While there are many different ways to run Directus on AWS, from single EC2 instances to a full ELB load-balanced configuration, we like the following combination of services:

  • Elastic Beanstalk (EB)
    • Elastic Load-Balancer (ELB)
    • Elastic Compute Cloud (EC2)
  • CodeDeploy
  • Simple Storage Service (S3)
  • Relational Database Service (RDS) (Aurora)
  • CloudFront
  • Route 53

# Elastic Beanstalk

Will run Directus in an autoscaling environment with a load balancer. Makes sure the instances stay alive, and will replace individual instances in case of unexpected crashes.

We recommend setting up a repo in GitHub (or another Git provider) and configuring it using our manual installation flow. This allows you to later hook up the repo to your Elastic Beanstalk instance through CodeDeploy.

See Deploying Node.js applications to Elastic Beanstalk (opens new window) for more information.

Directus' configuration is all set through environment variables. For a full overview of all available environment variables, see Environment Variables

# CodeDeploy

Allows you to automatically deploy updates to your Directus instance or extensions to Elastic Beanstalk.

See Automatically Deploy from GitHub Using AWS CodeDeploy (opens new window) for more information.

# Simple Storage Service (S3)

Ideal place to store files uploaded to Directus. Your bucket doesn't have to be publicly accessible to the web; Directus will stream files from and to the bucket in its /asset endpoint.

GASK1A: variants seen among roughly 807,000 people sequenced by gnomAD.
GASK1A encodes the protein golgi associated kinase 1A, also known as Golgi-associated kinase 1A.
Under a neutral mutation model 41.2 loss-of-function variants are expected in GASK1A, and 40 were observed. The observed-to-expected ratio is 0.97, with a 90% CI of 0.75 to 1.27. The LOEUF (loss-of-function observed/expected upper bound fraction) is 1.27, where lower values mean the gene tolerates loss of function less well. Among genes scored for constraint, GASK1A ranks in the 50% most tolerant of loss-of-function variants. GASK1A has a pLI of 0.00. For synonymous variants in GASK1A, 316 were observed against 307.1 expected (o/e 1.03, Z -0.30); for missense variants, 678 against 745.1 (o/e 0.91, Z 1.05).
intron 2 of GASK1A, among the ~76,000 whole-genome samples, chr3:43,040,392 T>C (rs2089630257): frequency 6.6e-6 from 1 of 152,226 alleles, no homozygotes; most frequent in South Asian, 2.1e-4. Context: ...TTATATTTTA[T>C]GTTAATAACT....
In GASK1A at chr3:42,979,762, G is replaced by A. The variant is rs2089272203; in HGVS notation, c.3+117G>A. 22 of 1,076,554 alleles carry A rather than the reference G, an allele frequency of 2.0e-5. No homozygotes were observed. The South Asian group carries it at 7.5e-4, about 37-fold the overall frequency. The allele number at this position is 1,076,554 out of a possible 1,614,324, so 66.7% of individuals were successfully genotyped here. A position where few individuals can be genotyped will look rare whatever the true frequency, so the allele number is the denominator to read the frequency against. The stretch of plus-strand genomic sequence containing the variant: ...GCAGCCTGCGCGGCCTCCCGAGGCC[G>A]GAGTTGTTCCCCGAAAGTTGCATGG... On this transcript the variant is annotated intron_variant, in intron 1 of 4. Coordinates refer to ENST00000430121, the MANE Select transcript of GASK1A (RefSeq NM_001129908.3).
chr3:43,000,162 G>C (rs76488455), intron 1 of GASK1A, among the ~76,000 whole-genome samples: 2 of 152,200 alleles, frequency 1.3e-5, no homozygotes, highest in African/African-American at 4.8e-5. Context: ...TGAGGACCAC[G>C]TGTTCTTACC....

See Creating a bucket (opens new window) for more information.

# Relational Database Service (RDS) (Aurora)

While you can technically use any of the SQL based databases offered in AWS, we like to use Aurora. It's auto-scaling and use-based costs have worked out pretty well for us in the past.

# CloudFront

While it's not a technical requirement, it's not a bad idea to configure a CloudFront instance in front of your EB environment. This protects you from DDoS attacks and allows you to cache repeated calls to assets in its CDN.

See Using Elastic Beanstalk with Amazon CloudFront (opens new window) for more information.

# Route 53

The last piece of this puzzle is to assign a domain name to your CloudFront instance. You can use Route 53 for this purpose.

See Routing traffic to an Amazon CloudFront web distribution by using your domain name (opens new window) for more information.